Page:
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March 30, 2009 - Image 5

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The Michigan Daily - michigandaily.com

Monday, March 30, 2009 - 5A

The Michigan Daily - michigandailycom Monday, March 30, 2009 - 5A

Selling celebrity
with ShamWow

In this country, you can show
someone on the streeta picture
of an important political figure
- let's say Vice President Joe Biden
- and there's a
decent chance the
person won't be
able to name that
political figure or
say what he or she >
does. But show that
sameAmerican JHE
civilian a picture BLOCK
of Matthew Lesko,
more commonly known as "that guy in
the question-mark suit," and, though
the person may notbe able to tell you
Lesko's name, the person will at least
be able to tell you that the question-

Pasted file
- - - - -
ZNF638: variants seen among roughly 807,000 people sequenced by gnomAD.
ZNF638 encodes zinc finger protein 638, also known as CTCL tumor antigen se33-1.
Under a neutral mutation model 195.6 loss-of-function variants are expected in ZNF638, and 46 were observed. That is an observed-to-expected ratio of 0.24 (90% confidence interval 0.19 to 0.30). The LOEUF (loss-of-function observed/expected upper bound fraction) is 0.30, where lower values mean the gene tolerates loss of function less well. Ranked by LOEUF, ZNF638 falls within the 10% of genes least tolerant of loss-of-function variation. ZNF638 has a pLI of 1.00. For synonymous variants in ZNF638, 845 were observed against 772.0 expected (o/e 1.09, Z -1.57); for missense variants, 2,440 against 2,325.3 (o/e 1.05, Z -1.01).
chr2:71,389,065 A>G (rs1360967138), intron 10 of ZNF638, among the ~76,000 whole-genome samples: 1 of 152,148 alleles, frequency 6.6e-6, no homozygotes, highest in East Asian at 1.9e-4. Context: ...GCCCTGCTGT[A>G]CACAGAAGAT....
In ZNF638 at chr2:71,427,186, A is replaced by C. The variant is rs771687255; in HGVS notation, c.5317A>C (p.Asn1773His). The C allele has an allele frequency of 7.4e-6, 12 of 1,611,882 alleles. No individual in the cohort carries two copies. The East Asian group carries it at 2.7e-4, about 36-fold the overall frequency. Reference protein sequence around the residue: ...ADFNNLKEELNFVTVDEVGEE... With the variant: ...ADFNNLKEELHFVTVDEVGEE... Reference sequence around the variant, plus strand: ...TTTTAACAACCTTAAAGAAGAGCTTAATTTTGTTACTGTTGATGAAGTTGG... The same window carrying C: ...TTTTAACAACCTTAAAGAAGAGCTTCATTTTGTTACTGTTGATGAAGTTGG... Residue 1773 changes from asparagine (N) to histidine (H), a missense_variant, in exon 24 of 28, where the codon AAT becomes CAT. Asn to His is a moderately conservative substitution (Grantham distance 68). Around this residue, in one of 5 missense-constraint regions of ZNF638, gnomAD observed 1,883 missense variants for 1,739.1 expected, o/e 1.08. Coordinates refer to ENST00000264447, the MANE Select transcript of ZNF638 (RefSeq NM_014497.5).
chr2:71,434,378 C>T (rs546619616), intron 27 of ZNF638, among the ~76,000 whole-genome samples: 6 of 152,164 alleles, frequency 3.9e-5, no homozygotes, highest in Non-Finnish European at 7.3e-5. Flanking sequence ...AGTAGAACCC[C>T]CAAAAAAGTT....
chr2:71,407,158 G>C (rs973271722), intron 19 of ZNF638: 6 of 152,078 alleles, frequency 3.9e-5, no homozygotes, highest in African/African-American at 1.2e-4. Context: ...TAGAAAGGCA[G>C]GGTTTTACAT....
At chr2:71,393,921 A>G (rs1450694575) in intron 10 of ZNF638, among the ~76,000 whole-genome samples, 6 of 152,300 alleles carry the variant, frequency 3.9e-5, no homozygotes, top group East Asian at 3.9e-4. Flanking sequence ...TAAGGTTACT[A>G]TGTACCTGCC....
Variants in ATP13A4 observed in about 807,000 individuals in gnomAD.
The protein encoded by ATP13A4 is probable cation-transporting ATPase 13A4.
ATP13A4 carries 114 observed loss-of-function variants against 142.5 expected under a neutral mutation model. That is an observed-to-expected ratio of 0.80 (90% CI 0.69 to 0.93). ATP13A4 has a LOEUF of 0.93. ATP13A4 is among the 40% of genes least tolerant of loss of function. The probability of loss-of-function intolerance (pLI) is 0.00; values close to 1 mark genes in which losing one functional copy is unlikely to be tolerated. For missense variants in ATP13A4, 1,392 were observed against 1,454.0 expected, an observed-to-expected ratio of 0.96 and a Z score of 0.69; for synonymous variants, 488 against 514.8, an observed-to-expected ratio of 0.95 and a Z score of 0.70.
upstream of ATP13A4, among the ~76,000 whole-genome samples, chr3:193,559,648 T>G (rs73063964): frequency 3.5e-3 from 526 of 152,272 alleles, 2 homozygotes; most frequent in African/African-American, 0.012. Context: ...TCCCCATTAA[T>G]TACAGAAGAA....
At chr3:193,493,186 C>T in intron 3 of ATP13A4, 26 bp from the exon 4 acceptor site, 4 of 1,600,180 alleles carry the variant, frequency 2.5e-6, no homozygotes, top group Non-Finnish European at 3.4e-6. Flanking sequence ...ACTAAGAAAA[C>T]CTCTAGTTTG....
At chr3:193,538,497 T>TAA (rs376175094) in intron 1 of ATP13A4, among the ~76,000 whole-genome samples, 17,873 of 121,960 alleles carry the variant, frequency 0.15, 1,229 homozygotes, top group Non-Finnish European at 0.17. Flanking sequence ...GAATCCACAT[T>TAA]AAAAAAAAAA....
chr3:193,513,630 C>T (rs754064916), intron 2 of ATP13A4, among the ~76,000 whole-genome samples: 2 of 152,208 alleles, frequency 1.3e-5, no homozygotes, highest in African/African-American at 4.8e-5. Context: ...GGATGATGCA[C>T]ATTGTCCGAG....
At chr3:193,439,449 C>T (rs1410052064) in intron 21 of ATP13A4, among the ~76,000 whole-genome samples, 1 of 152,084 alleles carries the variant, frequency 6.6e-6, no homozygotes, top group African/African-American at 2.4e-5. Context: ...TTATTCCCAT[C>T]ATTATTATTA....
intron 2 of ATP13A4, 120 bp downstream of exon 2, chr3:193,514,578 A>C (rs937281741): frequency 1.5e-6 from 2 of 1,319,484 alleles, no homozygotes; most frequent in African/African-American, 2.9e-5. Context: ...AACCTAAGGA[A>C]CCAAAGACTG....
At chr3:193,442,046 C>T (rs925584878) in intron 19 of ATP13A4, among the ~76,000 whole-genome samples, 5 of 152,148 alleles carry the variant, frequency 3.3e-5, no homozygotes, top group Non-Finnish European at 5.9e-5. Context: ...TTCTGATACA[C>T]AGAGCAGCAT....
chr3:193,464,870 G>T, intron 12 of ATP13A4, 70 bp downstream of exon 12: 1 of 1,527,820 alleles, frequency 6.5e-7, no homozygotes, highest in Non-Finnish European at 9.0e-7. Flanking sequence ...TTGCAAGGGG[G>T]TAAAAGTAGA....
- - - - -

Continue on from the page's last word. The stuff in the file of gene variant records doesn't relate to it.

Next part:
marked man can offer the secrets to
obtaining free money.
It's a sad truth that people know
more about celebrities than politicians.
It's an even sadder truth that info-
mercial hosts have joined the ranks of
other celebrities. Or at least I used to
think it was sad.
Matthew Lesko has written far
too many books, including at least
six whose titles begin with the words
"Free Money." Billy Mays has sold
everything from Lint-B-Gones and
Bedazzlers to ESPN's online coverage
r with his loud, in-your-face demeanor
and signature "Billy Mays here" intro.
Vince Shlomi (known in his infomer-
cials as "Vince Offer") is so universally
known for his ShamWow informercial
that a Wikipedia search for "Sham-
Wow" links directly to Shlomi's Wiki-
pedia profile.
When I first realized these "accom-
plishments" are more successful ways
to build celebrity than acting in an
indie film or performing in a Broadway
show, I was understandably pissed.
Even the most commodified pop stars
have some semblance of talent that
made them famous. What right do
Lesko, Mays and Shlomi have to be
household names compared to true
talents and personal favorites like Gael
Garcia Bernal ("The Science of Sleep")
or Michael Cerveris (who played the